May 14, 2016 1:58:16 am
At a time when over-leveraged corporates are keeping away from bank borrowings, the home loan segment has turned out to be good performer in the sector with an increasing number of buyers opting for bank funding. Banks have reported an 18.8 per cent increase in outstanding housing loans to Rs 7,46,800 crore for the fiscal ended March 2016 whereas the industry, which accounts for 41 per cent of total outstanding credit, showed only 2.7 per cent growth in credit offtake, according to Reserve Bank figures.
Housing loans have jumped 88 per cent from Rs 3,97,100 crore in fiscal 2012 with the bygone fiscal showing an incremental rise of Rs 1,18,300 crore. It’s for the first time in the banking history that home loans during a year crossed the Rs one lakh crore mark. Hit by the rising non-performing assets (NPAs) and stressed assets, banks are also putting the focus on home loans and other retail loans. Take the case of Punjab National Bank which posted gross NPAs of 8.47 per cent as of December 2015. The bank’s home loan segment showed a growth of 26.83 per cent to Rs 25,061 crore till December. Other public sector banks also showed a similar trend.
Lenders have realised that going retail is the best option in the current circumstances, given the sharp rise in stressed assets of big corporates. On the other hand, bad loans in the home loan segment are negligible — less than one per cent of advances in most cases.
“The personal loans segment was the leader this year being spearheaded by the home loans segment as growth in credit accelerated by 19.4 per cent from 15.5 per cent in FY15. Quite clearly, there was some resurgence in this segment with banks also preferring to go the retail way,” said a report by Care Ratings. Outstanding vehicle loans also showed a jump of 22.7 per cent to Rs 1,52,900 crore during the fiscal ended March 2016, thanks to a series of vehicle launches in the last one or two years. Credit card outstanding rose 23.7 per cent to Rs 37,700 crore during 2015-16, indicating that spenders are increasingly using credit cards.
With the home loan segment showing only marginal NPAs, banks and mortgage firms are pushing hard. For example, HDFC’s gross NPAs as on March 31, 2016 amounted to Rs 1,833 crore which is equivalent to 0.70 per cent of the loan portfolio. The non-performing loans of the individual portfolio stood at 0.51 per cent while that of the non-individual portfolio stood at 1.12 per cent, HDFC says. Gross NPAs of Dewan Housing Finance stood at 0.93 per cent amounting to Rs 573.06 crore. PNB Housing Finance has reported gross NPAs of 0.22 per cent. “With strong fundamentals of the Indian economy and a conducive environment for the mortgage industry, the velocity for the sector seems to be gaining and this shall provide huge impetus to continue its growth momentum,” said Sanjaya Gupta, MD, PNB Housing Finance.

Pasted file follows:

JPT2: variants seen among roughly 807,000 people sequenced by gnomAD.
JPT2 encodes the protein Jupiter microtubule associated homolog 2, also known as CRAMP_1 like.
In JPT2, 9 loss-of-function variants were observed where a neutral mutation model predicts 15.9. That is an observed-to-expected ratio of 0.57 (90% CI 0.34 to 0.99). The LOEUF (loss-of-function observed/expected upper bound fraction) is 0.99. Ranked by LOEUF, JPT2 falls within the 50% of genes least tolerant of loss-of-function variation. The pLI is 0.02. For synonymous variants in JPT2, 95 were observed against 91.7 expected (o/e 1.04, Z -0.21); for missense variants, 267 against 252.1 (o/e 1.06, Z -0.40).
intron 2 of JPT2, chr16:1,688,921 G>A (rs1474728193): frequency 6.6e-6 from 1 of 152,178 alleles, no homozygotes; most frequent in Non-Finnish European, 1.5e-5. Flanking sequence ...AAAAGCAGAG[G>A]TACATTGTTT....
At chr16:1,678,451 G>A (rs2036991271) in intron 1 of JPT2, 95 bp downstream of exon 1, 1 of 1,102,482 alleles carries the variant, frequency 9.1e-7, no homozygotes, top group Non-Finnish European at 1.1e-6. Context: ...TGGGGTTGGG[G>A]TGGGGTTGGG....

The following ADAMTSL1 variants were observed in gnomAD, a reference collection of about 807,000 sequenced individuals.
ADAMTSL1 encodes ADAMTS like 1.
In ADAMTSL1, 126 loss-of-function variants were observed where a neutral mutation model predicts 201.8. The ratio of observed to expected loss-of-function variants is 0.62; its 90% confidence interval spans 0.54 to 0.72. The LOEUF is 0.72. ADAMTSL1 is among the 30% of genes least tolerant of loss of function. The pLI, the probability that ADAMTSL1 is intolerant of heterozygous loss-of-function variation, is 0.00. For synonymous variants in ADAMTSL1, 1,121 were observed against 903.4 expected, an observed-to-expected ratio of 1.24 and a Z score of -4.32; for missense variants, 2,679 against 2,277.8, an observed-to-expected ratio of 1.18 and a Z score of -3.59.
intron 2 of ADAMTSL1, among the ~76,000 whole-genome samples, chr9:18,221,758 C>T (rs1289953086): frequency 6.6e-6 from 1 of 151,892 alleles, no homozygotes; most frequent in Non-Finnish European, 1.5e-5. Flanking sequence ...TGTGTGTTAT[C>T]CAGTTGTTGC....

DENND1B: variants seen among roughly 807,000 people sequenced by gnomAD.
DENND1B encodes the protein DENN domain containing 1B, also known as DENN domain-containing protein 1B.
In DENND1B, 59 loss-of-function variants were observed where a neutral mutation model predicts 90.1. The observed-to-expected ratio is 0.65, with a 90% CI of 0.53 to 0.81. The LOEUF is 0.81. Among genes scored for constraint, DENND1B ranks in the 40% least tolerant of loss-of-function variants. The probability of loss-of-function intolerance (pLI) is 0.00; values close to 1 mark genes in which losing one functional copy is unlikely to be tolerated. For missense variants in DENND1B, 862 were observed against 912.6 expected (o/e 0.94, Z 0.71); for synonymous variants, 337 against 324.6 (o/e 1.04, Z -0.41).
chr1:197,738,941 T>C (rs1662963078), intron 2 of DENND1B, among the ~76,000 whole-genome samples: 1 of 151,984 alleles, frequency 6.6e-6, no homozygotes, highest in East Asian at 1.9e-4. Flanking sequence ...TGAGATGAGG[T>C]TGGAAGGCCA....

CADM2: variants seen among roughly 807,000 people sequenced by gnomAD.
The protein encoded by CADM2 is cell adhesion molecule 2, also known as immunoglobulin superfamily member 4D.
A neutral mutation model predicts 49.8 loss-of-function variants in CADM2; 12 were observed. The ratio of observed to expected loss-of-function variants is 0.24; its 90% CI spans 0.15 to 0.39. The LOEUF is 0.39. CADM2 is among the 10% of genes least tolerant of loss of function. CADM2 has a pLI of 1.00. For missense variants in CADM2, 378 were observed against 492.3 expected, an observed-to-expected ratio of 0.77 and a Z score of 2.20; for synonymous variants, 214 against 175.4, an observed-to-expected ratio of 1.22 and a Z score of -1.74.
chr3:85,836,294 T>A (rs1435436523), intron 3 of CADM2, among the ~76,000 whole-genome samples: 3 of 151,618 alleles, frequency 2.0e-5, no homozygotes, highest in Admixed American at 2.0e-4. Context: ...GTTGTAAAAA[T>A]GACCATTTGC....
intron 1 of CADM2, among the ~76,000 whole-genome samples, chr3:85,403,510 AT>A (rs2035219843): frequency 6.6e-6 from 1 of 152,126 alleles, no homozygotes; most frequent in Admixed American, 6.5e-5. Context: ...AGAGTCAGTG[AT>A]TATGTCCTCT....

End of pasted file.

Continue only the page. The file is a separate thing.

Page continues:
When compared to the low level of bad assets in home and other personal loan segments, banks are sitting on huge pile of NPAs. Stressed assets (gross NPAs, restructured standard assets and written off accounts) for the banking system, which stood at 9.8 per cent as at the end of March 2012, moved up sharply to 14.5 per cent as at the end of December 2015. During the same period, the stressed assets for the PSBs spiked from 11 per cent to 17.7 per cent, the RBI says.
“Broad policy initiatives by the government to boost the SME and infrastructure sector together with the increase in rural income and demand also had a direct impact on our home loan and SME lending business. We are quite positive that this year will be significantly better for the housing finance and real estate sector in terms of demand and investment driven by increased infrastructure spending and encouraging policy initiatives,” said Kapil Wadhawan, CMD, DHFL. Banks, especially private banks, are now focusing on retail loans. “The bank has continued to see robust growth in its retail business resulting in a year-on-year growth of 23 per cent in the retail portfolio. The retail portfolio constituted about 47 per cent of the loan portfolio of the bank,” ICICI Bank said.
The overall non-food credit showed a rise of only 9.1 per cent to Rs 65,46,900 crore as per the data compiled by the RBI. Micro and small units showed a negative loan growth of 2.3 per cent to Rs 3,71,500 crore. Medium-sized industries reported a larger negative growth of 7.8 per cent to Rs 114,800 crore. “This does indicate that besides lower demand due to stagnant production, banks too have been watchful while lending to this segment. Bank credit growth to the larger companies was positive but lower than last year. These companies also had access to the bond market and there was some substitution at the margin as the interest rate differential was attractive at certain points,” Care said.
According to industry circles, customers are now optimistic about a decline in rates after the 25 bps cut in repo rates by the RBI in April and the new system of marginal cost based lending rate. “We also understand that at this point of time the banks are burdened with NPAs which calls for a higher amount of provisioning. This will act as a key deterrent for banks to cut rates on retail lending. But we still are very hopeful that home buyers will get at least a 50 bps cut in home loan rates. This should definitely go well for the industry at large,” said Getamber Anand, president, CREDAI National.
Rating firm Standard & Poor’s expects loan growth in India’s banking sector to be 11-13 per cent in fiscal 2017. S&P and bankers expect that growth in retail loans will continue to outpace that in corporate loans, in line with the trend over the past two years.
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